Book Review: An Ember in the Ashes

An Ember in the Ashes (#1 An Ember in the Ashes)
by Sabaa Tahir

Genre(s): Young Adult, Fantasy, Fiction
Publisher: Razorbill
Publication date: April 28th, 2015
Pages: 446 Pages
Source: Library
Format: Hardcover

SYNOPSIS: Laia is a slave. Elias is a soldier. Neither is free.

Under the Martial Empire, defiance is met with death. Those who do not vow their blood and bodies to the Emperor risk the execution of their loved ones and the destruction of all they hold dear.

It is in this brutal world, inspired by ancient Rome, that Laia lives with her grandparents and older brother. The family ekes out an existence in the Empire’s impoverished backstreets. They do not challenge the Empire. They’ve seen what happens to those who do.

But when Laia’s brother is arrested for treason, Laia is forced to make a decision. In exchange for help from rebels who promise to rescue her brother, she will risk her life to spy for them from within the Empire’s greatest military academy.

There, Laia meets Elias, the school’s finest soldier—and secretly, its most unwilling. Elias wants only to be free of the tyranny he’s being trained to enforce. He and Laia will soon realize that their destinies are intertwined—and that their choices will change the fate of the Empire itself.

Trigger warnings: Sexual assault (rape)


Note: I do discuss some specific names and relationships. However, I don’t discuss the fate of these relationships or the plot.

  • The story is quite slow at the beginning and only begins to pick up around the 100+ page mark but nothing a dedicated reader can’t endure. (It is worth the wait)
  • Though nothing in the synopsis truly stood out to me as revolutionary, Sabaa Tahir was able to write out the story in an extremely authentic way. The novel had a very good balance between an engaging plot and an exploration of character morality and emotions. Although I must say that Elias’ storyline showed a lot more of this than Laia’s did.
  • Though Laia and Elia’s storylines start off as separate (and will unavoidably become intertwined), I found that Laia’s wasn’t developed as much. Though her back story and motivation for pushing through her difficulties were very much real and rooted in something she felt strongly for, the rest of her story and the whole Resistance concept felt severely underdeveloped in comparison to Elia’s story.
  • Another doubt I had was about Laia herself. I feared she would be proven as a “weak” character and then receive no character development. However, Sabaa Tahir challenged my expectations and the character arc that Laia underwent was really nicely done. The author kept the characters consistent and therefore, the story played out smoothly.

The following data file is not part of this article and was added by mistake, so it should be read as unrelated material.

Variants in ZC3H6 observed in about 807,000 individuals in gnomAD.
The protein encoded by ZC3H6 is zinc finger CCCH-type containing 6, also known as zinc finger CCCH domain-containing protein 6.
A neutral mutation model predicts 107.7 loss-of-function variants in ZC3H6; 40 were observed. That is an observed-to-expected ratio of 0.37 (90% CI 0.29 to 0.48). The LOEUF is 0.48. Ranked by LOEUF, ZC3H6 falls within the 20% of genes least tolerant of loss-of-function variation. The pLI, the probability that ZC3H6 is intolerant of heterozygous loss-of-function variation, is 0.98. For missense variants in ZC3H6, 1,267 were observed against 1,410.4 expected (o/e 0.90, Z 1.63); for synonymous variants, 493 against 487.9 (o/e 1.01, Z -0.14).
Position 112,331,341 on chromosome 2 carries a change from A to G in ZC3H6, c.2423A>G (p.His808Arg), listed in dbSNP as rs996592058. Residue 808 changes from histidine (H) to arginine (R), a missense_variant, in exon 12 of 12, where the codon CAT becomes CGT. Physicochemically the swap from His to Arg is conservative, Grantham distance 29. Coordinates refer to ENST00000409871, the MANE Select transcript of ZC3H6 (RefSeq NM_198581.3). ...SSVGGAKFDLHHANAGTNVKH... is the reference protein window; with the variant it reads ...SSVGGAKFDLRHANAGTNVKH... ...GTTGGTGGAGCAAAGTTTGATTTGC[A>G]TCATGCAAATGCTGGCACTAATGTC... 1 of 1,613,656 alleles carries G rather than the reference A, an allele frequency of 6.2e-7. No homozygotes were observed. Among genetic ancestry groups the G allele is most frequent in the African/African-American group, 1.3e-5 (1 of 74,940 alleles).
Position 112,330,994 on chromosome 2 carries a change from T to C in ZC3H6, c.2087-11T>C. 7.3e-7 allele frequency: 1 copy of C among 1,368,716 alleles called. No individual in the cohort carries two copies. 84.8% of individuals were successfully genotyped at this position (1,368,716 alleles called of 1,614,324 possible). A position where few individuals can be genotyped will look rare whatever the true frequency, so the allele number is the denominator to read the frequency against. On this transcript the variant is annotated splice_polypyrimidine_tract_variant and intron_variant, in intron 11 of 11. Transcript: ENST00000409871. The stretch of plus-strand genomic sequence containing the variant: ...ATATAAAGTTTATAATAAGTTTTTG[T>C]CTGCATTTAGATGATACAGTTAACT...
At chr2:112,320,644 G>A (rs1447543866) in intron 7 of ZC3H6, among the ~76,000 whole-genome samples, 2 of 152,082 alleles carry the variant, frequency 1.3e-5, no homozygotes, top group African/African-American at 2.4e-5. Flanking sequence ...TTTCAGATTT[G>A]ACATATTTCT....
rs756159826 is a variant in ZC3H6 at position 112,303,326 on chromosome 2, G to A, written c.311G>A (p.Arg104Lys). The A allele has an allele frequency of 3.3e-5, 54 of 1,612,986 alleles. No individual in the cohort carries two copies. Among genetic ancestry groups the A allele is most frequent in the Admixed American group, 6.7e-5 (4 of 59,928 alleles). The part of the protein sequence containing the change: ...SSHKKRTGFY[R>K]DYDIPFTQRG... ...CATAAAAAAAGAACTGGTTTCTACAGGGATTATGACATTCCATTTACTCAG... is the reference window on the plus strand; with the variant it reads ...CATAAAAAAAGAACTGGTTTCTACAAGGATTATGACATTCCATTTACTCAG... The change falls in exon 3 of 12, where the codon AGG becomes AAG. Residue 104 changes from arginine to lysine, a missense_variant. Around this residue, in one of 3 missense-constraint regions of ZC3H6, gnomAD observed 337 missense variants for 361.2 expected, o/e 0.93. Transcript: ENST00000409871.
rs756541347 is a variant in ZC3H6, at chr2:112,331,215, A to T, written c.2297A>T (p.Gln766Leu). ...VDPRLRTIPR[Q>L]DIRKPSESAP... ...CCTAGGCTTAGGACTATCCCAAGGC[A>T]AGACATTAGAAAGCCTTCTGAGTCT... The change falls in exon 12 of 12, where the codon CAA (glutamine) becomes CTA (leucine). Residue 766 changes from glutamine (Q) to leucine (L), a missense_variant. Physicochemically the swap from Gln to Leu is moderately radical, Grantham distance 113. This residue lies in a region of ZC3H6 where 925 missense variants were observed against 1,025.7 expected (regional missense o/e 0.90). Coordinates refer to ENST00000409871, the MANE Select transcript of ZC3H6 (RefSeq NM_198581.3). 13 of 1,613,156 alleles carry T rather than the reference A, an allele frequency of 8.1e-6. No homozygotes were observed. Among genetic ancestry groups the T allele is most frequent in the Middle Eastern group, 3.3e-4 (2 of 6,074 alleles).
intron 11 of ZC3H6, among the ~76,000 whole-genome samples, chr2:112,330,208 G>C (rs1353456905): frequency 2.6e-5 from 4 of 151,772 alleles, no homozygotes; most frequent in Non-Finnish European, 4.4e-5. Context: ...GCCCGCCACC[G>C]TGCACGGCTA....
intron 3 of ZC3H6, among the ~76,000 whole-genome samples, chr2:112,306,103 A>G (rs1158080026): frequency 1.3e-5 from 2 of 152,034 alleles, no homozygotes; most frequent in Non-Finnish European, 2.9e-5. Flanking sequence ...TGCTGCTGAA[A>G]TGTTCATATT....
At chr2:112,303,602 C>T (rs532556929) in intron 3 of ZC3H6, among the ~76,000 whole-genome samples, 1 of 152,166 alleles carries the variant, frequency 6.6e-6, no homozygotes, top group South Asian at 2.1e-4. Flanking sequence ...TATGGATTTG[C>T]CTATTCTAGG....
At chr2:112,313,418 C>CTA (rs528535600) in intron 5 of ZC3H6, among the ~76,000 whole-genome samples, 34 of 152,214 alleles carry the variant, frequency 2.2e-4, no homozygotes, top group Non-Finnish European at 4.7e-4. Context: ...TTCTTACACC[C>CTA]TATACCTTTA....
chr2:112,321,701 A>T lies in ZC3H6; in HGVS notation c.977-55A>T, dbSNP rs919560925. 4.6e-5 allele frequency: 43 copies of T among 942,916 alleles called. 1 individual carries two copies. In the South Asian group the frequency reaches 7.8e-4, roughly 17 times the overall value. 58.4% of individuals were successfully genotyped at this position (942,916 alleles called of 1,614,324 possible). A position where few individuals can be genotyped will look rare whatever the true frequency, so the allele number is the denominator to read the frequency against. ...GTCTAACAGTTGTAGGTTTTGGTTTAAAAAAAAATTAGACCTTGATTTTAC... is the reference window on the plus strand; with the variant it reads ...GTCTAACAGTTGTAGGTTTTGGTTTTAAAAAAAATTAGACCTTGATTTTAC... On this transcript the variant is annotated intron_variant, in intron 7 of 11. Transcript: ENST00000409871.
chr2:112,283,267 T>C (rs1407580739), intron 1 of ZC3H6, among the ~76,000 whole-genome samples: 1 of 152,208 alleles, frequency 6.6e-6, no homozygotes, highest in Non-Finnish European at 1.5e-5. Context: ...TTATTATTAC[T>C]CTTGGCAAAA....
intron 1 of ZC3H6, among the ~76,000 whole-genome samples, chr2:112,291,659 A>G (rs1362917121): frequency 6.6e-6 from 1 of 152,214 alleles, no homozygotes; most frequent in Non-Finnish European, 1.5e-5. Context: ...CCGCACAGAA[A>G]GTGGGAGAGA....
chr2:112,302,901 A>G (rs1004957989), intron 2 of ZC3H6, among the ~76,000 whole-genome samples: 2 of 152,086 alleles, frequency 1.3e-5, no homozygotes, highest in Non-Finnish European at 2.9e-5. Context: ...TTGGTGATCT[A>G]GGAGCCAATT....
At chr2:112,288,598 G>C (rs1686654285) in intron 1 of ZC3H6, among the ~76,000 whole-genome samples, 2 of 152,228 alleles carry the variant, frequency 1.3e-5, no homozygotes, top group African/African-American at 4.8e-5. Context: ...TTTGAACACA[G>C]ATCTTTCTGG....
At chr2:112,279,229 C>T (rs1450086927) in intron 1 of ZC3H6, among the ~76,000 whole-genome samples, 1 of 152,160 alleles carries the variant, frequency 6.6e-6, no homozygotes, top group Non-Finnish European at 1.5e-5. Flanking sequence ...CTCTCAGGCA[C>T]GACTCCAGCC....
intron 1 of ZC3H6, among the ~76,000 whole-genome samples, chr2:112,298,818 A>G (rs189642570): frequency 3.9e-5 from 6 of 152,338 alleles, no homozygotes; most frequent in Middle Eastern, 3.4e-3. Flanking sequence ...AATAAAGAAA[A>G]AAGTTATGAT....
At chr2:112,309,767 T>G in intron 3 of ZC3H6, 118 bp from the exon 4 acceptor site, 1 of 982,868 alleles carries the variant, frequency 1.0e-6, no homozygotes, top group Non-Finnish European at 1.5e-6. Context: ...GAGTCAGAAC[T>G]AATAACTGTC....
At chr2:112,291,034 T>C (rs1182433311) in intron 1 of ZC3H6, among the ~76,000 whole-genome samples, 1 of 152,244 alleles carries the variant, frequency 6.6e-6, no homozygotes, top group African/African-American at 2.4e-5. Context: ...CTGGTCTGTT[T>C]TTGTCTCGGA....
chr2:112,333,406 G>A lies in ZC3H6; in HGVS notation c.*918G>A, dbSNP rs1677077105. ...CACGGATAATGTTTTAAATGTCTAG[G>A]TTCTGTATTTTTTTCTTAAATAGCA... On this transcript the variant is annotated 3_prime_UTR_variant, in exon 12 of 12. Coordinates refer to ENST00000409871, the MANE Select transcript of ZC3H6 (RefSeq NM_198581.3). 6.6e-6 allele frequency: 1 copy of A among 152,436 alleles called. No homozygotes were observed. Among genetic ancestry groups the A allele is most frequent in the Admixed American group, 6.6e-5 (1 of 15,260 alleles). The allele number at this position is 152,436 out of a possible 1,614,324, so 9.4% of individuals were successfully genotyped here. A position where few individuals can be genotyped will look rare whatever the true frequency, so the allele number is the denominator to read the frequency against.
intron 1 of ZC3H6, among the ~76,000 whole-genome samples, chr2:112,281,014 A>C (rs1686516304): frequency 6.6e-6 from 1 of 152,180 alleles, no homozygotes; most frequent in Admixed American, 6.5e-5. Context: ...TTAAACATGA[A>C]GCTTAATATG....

• I really appreciated the romance in this book! Although it played out to be a major plot point near the end of the book, it wasn’t overbearing and it held respectable restrictions. This judgment could, however, be biased since I’m a sucker for romance but I also know an unrealistic, burns-too-bright relationship when I see one. And this isn’t it!
  • Keenan and Laia’s relationship always confused me as I found there to be no foundation or development of this relationship whatsoever. It felt like whatever “thing” the author was trying to create was unnecessary and fell flat for me.
  • My opinion of Helene was varied throughout the book but solidified into positive respect by the end. My confusing feelings of her arose through the fact that she would show a softer side of herself and then by the next chapter, she would be back to the harsh, law abiding warrior she was. However, I do understand why this was and I appreciate the author’s consistency.
  • There were some inconsistencies/unexplained situations in terms of the world building. When the Moon Festival is discussed and two of the characters go to have Moon Cakes I was confused. I thought that the characters lived in the desert and by the sound of their full names, they certainly didn’t seem Chinese. However, this was only a minor event and was one of the only inconsistencies I could find with the book.

Overall, I loved this book and Sabaa Tahir’s engaging writing just made it that much better. Elias is totally swoon worthy (I couldn’t not mention it merp) and that cliffhanger at the end of the book…

Rating: 5 out of 5 stars



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